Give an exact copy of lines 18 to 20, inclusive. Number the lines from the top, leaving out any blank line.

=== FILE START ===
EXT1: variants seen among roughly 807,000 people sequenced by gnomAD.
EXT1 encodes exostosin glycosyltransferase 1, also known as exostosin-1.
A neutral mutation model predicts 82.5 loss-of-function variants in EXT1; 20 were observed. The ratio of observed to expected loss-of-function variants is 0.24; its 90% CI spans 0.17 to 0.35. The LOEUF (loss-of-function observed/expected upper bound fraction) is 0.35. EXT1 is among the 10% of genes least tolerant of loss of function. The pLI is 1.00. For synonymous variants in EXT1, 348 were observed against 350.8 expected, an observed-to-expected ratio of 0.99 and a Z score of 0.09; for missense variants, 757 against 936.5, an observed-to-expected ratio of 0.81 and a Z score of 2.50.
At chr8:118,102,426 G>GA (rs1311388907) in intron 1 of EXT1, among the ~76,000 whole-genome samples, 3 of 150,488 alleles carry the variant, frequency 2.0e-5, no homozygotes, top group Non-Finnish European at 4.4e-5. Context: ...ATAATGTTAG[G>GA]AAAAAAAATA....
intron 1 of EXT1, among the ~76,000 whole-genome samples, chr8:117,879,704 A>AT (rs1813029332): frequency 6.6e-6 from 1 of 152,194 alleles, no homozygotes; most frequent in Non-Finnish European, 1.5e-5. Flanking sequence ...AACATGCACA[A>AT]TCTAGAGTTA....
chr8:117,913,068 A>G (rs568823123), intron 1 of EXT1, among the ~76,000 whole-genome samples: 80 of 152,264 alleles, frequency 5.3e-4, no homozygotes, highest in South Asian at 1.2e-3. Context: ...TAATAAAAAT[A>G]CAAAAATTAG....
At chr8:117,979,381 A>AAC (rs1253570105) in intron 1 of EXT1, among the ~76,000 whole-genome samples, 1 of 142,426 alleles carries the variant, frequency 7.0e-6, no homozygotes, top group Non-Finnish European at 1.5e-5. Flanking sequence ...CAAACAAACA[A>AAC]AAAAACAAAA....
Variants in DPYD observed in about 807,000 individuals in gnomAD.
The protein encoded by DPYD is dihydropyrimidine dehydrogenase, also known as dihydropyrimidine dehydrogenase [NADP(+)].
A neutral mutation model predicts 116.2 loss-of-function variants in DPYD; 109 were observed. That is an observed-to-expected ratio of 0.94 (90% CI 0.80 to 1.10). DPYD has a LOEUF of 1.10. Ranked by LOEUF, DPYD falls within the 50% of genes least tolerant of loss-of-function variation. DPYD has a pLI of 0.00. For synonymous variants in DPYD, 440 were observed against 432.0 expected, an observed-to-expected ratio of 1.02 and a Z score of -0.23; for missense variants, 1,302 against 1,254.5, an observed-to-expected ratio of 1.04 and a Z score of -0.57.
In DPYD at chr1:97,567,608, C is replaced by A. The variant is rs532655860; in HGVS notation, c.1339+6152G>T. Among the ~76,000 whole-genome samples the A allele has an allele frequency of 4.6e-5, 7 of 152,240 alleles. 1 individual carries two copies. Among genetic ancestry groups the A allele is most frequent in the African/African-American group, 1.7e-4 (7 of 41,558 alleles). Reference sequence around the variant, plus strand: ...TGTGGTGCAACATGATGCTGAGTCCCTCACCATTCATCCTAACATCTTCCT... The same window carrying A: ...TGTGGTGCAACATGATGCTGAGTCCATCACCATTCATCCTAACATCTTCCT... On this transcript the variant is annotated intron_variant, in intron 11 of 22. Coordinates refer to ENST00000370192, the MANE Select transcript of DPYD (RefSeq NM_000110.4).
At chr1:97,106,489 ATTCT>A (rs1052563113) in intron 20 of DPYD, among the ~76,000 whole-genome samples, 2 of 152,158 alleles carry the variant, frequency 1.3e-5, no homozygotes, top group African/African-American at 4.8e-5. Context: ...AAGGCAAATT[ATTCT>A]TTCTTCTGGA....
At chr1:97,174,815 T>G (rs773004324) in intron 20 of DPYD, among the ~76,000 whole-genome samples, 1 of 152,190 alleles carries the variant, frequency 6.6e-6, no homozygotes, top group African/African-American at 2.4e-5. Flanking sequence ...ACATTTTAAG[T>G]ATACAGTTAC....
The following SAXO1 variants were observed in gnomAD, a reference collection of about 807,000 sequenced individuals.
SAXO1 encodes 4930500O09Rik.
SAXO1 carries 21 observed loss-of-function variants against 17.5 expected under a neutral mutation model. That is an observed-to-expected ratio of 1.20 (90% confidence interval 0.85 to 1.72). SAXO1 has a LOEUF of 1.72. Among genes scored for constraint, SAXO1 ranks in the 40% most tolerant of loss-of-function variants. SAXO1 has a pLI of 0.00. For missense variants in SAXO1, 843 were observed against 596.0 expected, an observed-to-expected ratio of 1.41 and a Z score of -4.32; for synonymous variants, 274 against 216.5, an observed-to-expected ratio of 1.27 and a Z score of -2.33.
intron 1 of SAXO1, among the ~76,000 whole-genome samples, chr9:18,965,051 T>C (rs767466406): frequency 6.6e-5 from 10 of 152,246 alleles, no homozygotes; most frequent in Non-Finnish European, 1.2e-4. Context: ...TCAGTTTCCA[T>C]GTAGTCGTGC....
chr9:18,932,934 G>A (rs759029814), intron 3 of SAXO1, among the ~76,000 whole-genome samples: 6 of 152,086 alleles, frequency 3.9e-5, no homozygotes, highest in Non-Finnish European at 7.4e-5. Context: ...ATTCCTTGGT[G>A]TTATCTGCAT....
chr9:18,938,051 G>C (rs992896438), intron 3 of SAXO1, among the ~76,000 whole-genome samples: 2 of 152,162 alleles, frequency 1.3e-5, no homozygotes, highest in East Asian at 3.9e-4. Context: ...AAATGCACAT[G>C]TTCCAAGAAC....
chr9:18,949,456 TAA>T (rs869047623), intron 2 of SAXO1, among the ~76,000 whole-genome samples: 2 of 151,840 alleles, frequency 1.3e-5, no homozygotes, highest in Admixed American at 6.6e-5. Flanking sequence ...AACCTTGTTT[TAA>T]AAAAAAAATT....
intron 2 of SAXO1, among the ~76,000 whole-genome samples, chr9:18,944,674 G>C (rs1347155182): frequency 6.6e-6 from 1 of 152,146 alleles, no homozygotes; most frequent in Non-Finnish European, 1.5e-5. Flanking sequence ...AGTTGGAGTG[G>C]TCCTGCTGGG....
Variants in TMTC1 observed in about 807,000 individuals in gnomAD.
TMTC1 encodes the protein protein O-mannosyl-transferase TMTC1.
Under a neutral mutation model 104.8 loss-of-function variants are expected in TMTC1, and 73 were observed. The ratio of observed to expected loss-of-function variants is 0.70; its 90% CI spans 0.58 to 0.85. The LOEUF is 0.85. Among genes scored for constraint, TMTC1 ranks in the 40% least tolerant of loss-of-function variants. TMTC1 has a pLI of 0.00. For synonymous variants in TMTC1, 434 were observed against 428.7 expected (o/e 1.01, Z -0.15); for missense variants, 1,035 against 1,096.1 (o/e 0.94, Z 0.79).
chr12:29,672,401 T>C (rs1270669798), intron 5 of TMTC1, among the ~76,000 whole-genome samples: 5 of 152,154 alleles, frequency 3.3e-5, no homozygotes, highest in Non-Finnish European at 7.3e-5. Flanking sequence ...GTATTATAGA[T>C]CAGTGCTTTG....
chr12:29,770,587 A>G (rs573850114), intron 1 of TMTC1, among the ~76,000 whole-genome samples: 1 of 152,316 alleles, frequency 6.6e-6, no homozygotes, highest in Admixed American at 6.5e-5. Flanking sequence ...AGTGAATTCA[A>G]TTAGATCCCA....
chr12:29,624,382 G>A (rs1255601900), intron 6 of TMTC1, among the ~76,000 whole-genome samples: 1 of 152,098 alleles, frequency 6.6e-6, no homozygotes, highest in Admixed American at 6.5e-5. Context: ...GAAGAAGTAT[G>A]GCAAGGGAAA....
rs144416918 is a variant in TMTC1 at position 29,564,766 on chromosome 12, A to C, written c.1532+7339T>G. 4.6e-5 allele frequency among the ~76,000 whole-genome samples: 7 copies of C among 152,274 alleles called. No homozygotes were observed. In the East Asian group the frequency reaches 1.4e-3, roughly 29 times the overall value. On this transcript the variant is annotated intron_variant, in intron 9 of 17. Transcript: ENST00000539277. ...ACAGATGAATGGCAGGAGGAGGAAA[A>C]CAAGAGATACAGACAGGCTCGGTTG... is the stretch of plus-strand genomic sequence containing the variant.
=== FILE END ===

chr9:18,932,934 G>A (rs759029814), intron 3 of SAXO1, among the ~76,000 whole-genome samples: 6 of 152,086 alleles, frequency 3.9e-5, no homozygotes, highest in Non-Finnish European at 7.4e-5. Context: ...ATTCCTTGGT[G>A]TTATCTGCAT....
chr9:18,938,051 G>C (rs992896438), intron 3 of SAXO1, among the ~76,000 whole-genome samples: 2 of 152,162 alleles, frequency 1.3e-5, no homozygotes, highest in East Asian at 3.9e-4. Context: ...AAATGCACAT[G>C]TTCCAAGAAC....
chr9:18,949,456 TAA>T (rs869047623), intron 2 of SAXO1, among the ~76,000 whole-genome samples: 2 of 151,840 alleles, frequency 1.3e-5, no homozygotes, highest in Admixed American at 6.6e-5. Flanking sequence ...AACCTTGTTT[TAA>T]AAAAAAAATT....